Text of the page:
(ANTIMEDIA) German scientists from the Technical University of Munich have developed technology that uses wi-fi to “see” through walls. Philipp Holl, a 23-year-old undergraduate physics student at the Technical University of Munich, told Business Insider the new device “can basically scan a room with someone’s Wi-Fi transmission.”
Holl developed the concept for technology with the help of his academic supervisor, Friedemann Reinhard, as part of his bachelor thesis. They published their findings in the journal Physical Review Letters.
While wi-fi technology is already being used to construct two-dimensional images and detect home intruders and other moving objects, this goes much further, creating 3-D holograms of the contents of an entire room. According to Holl, “Our method gives you much better images, since we record much more signal. We scan the whole plane of a room.”
To construct the hologram, two antennas are used — one stationary antenna to record the background of the room and another that is moved by hand to scan the wi-fi field from a broad area. “These antennas don’t need to be big. They can be very small, like the ones in a smartphone,” Holl said. Both antennas record the wi-fi signal for intensity and phase and feed the data into a computer where special software uses the information to produce a holographic image of the room.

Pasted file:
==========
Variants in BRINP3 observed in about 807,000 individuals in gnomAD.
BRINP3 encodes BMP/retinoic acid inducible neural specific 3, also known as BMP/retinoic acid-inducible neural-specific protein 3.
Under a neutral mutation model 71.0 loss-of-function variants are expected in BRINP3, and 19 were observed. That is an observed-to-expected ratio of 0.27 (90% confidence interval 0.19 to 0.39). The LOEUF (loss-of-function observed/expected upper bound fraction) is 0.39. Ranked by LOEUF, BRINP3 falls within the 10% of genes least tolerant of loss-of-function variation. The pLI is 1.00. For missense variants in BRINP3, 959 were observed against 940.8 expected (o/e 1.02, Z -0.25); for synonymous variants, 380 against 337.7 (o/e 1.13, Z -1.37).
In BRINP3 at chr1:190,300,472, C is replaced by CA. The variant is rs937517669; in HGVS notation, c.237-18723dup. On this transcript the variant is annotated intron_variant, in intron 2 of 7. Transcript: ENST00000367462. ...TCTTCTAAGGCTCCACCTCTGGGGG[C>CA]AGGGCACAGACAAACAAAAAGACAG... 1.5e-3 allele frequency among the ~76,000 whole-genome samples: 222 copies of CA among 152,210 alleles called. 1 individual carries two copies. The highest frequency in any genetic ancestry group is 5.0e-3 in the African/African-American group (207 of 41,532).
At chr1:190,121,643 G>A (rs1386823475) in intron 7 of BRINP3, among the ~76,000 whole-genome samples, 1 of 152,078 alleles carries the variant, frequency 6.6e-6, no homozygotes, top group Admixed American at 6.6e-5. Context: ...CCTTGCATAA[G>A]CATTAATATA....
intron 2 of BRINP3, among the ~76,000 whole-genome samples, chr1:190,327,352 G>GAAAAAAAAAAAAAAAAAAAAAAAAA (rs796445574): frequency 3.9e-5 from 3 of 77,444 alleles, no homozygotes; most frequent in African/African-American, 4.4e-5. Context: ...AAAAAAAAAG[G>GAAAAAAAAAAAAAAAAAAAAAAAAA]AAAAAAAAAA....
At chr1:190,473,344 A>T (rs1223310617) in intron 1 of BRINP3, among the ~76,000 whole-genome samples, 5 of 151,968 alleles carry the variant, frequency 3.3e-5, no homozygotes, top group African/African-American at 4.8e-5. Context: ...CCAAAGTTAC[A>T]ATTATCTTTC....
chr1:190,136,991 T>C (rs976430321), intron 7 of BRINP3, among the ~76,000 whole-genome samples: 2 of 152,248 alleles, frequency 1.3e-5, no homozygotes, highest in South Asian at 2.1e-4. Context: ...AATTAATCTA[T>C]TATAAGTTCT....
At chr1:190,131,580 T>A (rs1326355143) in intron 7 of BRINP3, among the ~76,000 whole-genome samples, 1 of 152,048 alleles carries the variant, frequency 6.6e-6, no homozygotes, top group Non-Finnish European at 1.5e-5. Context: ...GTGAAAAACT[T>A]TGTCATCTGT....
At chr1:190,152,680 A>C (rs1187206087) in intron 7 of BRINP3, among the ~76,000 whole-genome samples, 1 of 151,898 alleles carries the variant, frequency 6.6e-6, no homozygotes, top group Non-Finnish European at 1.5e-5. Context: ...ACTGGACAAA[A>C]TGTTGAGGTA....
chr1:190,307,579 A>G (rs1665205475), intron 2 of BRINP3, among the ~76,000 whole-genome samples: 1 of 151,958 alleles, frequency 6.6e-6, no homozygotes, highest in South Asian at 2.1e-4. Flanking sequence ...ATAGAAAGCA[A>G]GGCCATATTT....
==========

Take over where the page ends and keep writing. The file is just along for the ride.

Holl notes that the technology is still in prototype stage but is enthusiastic about its potential. “If there’s a cup of coffee on a table, you may see something is there, but you couldn’t see the shape,” Holl says. “But you could make out the shape of a person, or a dog on a couch. Really any object that’s more than 4 centimetres in size.”
As it develops, the new wi-fi holography technology is likely to be applied in a number of ways. Holl mentioned the lives it could save by helping rescue workers detect the location of people stuck in buildings after a catastrophe. “You could probably use a drone to map out the inside of an entire building in 20 to 30 seconds,” he said, which, unfortunately, opens the door for those with more sinister motives who may get their hands on the technology.
“Of course, this raises privacy questions. After all, to a certain degree even encrypted signals transmit an image of their surroundings to the outside world,” project leader Friedemann Reinhard said in a press release from TUM. “However, it is rather unlikely that this process will be used for the view into foreign bedrooms in the near future. For that, you would need to go around the building with a large antenna, which would hardly go unnoticed. There are simpler ways available.”